The “Company Profile” is an Earth911.com series highlighting consumer goods and services making a difference through product stewardship and recycling. Products and services featured do not pay for placement and are not endorsed by Earth911.com.
Tires are a common item for most people, but the issues surrounding their disposal might not be so common. In fact, every year on average, 290 million tires are disposed of. That’s about one tire per person in this country alone. About nine percent are said to be discarded in landfills. Not a large number? Well, since that equals about 27 million tires per year, it starts to add up. Where many see this as a problem, one company sees it as the foundation for their business.
With the help of Rubbersidewalks Inc., recycled tires are enjoying a fresh purpose – off roadways and onto walkways. Through tire waste, Rubbersidewalks Inc creates interlocking pavers that are intended, as the name suggests, for sidewalks.
To learn more about these innovative products, we spoke with Dan Joyce, sales director for Rubbersidewalks Inc. According to Joyce, while recycling used tires is a worthwhile endeavor, the product offers many other environmental advantages over traditional sidewalk surfaces, especially when it comes to protecting healthy trees.
Rubbersidewalks, Inc. was established in 2001 by Lindsay Smith, who previously initiated an effort to save trees slated for removal along a sidewalk in Southern California. Her interest in protecting trees led her to Richard Valeriano, a public works inspector for the city of Santa Monica. She was impressed with Valeriano’s concept for a rubber-based sidewalk and established her business to take the idea further.
Tire recycling by the public assisted Smith in launching the business, Joyce says. She was awarded a grant from her home state’s Intergrated Waste Management Board, which receives money from tire disposal fees.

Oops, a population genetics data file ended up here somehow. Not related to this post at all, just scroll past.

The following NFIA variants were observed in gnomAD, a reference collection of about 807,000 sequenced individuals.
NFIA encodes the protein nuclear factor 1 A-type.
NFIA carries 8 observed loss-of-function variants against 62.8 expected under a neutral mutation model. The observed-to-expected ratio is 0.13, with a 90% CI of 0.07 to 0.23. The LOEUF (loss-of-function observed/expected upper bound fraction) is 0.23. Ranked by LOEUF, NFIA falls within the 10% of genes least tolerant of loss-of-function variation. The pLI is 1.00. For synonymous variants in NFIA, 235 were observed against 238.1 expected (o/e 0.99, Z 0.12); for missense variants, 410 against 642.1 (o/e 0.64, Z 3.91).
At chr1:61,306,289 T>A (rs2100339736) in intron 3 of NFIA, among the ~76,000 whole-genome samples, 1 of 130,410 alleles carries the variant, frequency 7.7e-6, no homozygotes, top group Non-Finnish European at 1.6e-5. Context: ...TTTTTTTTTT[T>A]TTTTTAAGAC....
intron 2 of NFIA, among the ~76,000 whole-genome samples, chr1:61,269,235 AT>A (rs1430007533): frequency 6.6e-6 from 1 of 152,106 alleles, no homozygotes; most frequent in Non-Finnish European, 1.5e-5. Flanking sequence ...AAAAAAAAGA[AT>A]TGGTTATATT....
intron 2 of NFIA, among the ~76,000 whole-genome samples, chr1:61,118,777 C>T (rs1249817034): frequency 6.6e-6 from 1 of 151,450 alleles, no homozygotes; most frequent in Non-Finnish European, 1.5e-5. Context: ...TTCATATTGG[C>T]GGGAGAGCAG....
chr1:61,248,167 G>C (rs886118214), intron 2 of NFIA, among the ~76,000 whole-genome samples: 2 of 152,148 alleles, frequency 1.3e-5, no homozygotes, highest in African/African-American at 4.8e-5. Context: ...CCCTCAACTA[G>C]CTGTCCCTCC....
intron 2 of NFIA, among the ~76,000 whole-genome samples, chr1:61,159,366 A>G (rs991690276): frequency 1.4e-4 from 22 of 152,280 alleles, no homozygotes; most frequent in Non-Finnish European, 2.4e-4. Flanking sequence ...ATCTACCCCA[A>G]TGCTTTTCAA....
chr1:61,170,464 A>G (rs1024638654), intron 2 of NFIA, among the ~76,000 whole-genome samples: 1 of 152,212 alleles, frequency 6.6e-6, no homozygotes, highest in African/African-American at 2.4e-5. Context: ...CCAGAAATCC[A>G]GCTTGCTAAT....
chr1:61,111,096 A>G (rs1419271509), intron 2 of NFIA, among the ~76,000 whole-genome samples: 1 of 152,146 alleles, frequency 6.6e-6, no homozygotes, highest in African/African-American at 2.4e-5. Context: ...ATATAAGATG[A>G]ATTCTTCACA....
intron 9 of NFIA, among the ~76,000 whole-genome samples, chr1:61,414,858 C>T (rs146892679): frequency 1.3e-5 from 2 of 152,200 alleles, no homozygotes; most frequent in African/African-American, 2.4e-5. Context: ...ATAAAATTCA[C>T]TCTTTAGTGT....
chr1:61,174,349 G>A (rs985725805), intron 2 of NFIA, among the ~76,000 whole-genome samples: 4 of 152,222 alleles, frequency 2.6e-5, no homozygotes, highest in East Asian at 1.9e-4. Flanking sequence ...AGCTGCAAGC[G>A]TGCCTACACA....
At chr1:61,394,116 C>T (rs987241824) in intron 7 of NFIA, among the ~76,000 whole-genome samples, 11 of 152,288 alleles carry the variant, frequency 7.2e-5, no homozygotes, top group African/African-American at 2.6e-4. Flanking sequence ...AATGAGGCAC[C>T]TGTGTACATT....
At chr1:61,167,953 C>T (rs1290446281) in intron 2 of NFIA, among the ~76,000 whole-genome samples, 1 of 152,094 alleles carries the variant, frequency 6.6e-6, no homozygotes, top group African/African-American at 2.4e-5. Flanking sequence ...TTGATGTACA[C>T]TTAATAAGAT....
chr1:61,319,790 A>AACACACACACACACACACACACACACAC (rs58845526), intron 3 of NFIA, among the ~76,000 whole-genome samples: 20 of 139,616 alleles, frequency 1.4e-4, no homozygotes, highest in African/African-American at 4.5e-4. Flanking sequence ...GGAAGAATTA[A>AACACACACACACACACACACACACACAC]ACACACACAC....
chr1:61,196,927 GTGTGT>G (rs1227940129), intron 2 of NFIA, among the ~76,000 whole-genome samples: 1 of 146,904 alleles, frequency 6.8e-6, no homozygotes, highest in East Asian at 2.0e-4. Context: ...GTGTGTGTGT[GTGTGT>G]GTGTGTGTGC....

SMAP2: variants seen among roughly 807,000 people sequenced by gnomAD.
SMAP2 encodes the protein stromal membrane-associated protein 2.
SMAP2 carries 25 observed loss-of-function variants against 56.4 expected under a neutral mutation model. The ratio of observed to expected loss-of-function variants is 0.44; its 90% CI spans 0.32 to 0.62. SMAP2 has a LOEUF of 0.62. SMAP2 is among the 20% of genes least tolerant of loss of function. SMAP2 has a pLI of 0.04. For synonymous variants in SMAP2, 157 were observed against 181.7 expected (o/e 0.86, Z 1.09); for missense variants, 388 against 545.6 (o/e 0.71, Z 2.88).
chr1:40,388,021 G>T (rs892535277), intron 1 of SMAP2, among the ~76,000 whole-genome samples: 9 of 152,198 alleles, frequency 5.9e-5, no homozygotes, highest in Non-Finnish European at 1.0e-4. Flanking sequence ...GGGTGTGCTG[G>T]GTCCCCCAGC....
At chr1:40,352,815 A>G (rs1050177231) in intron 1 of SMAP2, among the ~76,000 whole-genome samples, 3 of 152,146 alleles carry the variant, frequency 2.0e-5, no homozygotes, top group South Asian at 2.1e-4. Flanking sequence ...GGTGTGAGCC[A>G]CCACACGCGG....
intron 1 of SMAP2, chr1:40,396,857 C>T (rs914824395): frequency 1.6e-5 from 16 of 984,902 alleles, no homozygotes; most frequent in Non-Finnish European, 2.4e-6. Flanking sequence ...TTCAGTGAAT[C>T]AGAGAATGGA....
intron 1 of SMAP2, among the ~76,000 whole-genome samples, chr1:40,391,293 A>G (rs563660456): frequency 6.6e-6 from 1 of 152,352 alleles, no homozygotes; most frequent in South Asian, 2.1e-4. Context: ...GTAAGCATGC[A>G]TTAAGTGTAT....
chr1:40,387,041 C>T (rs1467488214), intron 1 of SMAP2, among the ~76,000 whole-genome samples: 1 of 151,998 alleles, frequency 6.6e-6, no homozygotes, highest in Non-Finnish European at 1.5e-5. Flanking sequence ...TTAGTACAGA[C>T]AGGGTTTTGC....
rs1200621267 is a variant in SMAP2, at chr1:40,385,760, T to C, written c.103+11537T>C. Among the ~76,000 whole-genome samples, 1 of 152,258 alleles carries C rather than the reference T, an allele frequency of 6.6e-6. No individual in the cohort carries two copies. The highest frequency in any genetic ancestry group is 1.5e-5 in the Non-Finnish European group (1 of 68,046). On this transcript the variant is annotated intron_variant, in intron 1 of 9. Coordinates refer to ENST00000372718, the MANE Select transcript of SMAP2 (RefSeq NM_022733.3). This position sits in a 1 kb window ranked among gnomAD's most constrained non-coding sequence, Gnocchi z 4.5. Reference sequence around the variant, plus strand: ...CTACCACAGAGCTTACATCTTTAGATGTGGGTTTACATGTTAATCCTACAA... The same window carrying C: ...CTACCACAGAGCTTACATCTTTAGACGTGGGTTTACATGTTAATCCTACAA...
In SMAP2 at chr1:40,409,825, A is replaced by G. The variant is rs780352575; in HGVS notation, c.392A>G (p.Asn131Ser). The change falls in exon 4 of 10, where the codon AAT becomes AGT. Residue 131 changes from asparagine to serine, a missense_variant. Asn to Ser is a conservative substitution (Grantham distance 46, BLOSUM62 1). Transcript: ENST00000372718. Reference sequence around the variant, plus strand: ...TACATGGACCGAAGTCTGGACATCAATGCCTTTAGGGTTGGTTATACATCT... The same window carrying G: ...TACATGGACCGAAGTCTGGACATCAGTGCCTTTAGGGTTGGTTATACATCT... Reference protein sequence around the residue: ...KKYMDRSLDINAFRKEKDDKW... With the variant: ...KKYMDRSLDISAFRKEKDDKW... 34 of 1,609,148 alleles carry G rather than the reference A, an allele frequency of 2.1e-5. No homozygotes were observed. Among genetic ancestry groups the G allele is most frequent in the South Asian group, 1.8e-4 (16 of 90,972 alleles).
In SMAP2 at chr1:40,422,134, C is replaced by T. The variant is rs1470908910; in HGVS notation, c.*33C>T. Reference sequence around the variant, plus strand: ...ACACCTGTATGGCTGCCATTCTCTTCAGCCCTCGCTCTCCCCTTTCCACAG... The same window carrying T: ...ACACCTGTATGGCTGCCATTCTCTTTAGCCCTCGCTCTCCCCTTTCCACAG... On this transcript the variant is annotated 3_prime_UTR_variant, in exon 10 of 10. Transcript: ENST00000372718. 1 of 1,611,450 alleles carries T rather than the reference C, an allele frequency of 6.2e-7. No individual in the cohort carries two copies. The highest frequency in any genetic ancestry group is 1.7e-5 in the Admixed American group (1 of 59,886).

The Tree Link
While using recycled tires is the foundation for the business, the desire to save trees is at the root of it. The original goal revolved around manufacturing a product that allows trees and sidewalks to co-exist safely. On traditional sidewalks, trees with bothersome roots sometimes lift and crack the concrete surface. Broken sidewalks are a maintenance hassle for municipalities, not to mention the danger they can pose to pedestrians.
The modular nature and flexibility of the interlocking rubber-based pavers allows workers to lift a section of paver, trim roots, then replace the paver, saving the tree while also saving the city a great deal of hassle.
Rubbersidewalks, Inc. manufactures a number of products to meet cities’ varied needs:
- Rubbersidewalks™ pavers, the original version, are made with 100 percent rubber from recycled tires. That amounts to repurposing about 98 tires for each 100 square feet of sidewalk, Joyce says. The pavers are manufactured in sheets sized to allow them to fit easily into most municipal sidewalks.
- Terrewalks™, a freshly released version, are a hybrid that use a blend of recycled tires along with recycled agricultural plastic irrigation waste. These pavers are lighter, easier to install and allow for variations in texture and hue, Joyce says. They fit together by joining interlocking tabs. “A 10-year-old could put together the pavers,” he added.
- EZ Bricks™, shaped like standard bricks, are made of 100 percent recycled tires.
The Right Stuff
While concrete is less expensive initially, Rubbersidewalks, Inc.’s products are more economical when you factor-in maintenance and repair costs in the long-run, said Joyce.
Also, unlike concrete, the recycled pavers capture rain water and allow it to seep through the seams to reach groundwater supplies. Additionally, fewer fuel-powered vehicles and equipment are needed to install and maintain the product than would be needed for traditional concrete sidewalks. While most uses are on paths adjacent to trees, some buyers incorporate the pavers into other types of projects, including green roofs, Joyce says.
Making a Difference
Since 2002, Rubbersidewalks, Inc. has installed about 500,000 square feet of rubberized pavers in more than 100 cities. That equates to reusing about 2,200 tons of recycled tire rubber.
Joyce’s favorite “R” is recycling, because he appreciates that the recycling industry is “finally coming mainstream.” He also added that,“There are so many innovative products that are using recycled materials.”